But the Giants had a strategy to work the middle of the field, they executed it, and perhaps Strasburg’s iffy command later in the game was because he’d humped it up out of the gate.
In any case, the Giants chased Strasburg with a pair of singles before he could record an out in the sixth inning. They tallied eight singles off him -- six of them up the middle -- and they took advantage on the bases well enough to score two runs.
Travis Ishikawa hit a leadoff single in the third and the Giants caught a break when LaRoche, the first baseman, tried to cut down the lead runner after fielding Peavy’s bunt. Umpire Tom Hallion called Ishikawa out but Bochy filed the first successful replay challenge in postseason history.
Panik put the Giants on the board with a single, becoming just the fifth Giants rookie to record an RBI in postseason play. The others: Buster Posey (2010), Greg Litton (1989), Chris Speier (1971) and Tom Haller (1962).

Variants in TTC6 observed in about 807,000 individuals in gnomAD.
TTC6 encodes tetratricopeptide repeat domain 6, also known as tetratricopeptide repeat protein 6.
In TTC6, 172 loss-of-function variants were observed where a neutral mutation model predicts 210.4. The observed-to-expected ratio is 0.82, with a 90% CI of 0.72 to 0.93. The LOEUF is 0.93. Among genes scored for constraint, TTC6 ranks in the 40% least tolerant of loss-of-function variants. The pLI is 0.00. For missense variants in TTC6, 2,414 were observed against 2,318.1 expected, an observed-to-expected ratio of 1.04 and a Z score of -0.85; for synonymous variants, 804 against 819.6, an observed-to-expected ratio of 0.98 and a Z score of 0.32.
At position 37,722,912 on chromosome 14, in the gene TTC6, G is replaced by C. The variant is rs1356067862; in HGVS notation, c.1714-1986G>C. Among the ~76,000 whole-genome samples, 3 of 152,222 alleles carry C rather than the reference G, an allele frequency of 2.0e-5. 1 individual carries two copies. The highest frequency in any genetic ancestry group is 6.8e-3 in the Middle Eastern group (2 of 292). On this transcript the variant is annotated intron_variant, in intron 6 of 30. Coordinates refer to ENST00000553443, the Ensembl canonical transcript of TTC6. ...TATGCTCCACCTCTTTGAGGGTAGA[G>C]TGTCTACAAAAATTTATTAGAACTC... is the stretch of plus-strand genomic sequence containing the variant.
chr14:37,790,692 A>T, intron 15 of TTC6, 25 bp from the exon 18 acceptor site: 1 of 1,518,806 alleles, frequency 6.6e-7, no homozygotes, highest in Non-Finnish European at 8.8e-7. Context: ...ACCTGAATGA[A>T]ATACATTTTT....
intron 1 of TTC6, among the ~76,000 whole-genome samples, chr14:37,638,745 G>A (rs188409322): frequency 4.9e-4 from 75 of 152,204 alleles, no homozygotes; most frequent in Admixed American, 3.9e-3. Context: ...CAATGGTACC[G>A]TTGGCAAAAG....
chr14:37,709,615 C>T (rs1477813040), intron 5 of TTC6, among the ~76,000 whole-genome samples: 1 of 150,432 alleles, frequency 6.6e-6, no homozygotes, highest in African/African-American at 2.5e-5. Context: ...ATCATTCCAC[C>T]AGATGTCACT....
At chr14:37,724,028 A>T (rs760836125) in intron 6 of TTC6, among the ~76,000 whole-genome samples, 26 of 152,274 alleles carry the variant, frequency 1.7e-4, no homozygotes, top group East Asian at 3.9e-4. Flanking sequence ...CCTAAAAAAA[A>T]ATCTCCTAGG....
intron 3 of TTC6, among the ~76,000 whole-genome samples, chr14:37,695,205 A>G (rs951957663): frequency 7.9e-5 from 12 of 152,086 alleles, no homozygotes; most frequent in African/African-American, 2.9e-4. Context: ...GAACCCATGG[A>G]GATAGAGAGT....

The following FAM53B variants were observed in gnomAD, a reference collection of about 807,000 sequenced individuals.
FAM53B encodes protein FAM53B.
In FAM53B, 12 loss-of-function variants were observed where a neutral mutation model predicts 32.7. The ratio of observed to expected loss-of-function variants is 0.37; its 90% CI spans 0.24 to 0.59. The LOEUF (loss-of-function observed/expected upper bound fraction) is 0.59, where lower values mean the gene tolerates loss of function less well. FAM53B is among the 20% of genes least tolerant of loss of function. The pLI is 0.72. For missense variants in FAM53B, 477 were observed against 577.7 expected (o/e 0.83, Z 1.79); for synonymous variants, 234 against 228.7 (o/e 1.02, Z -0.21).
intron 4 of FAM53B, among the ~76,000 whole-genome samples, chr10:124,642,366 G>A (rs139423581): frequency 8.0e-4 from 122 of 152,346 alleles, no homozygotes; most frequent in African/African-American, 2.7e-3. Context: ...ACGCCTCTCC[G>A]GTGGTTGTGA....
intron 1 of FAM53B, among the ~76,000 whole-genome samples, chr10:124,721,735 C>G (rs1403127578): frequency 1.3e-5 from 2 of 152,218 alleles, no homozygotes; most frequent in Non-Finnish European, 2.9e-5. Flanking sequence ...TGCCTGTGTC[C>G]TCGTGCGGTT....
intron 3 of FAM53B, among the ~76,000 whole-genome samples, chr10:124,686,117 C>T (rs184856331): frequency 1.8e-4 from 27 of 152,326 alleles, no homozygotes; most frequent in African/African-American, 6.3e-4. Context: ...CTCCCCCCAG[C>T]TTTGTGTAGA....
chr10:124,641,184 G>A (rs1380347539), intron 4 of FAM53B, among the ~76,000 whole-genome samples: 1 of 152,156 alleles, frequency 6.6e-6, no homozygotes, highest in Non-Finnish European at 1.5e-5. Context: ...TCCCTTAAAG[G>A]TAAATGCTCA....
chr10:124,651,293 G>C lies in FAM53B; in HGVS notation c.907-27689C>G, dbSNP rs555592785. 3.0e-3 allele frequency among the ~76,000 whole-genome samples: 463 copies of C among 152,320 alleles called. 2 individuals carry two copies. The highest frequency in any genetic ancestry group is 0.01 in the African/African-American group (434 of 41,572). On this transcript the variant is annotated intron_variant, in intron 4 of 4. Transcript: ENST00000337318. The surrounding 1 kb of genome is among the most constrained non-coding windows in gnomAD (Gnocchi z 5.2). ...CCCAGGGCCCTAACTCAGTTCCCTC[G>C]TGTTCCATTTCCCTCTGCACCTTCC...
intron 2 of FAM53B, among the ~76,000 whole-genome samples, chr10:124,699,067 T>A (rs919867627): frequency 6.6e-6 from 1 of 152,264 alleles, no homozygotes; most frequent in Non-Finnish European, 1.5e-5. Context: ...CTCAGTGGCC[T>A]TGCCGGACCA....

The Giants made it 2-0 in a fourth-inning rally that Pablo Sandoval started with a single to right-center, which extended his postseason hitting streak to 12 consecutive games -- five away from matching the record shared by Derek Jeter, Manny Ramirez and Hank Bauer.
Sandoval started the rally, but Hunter Pence fueled it with his speed. He beat out a double-play grounder, stole second base and scored easily when he got a good break on Brandon Belt’s RBI single.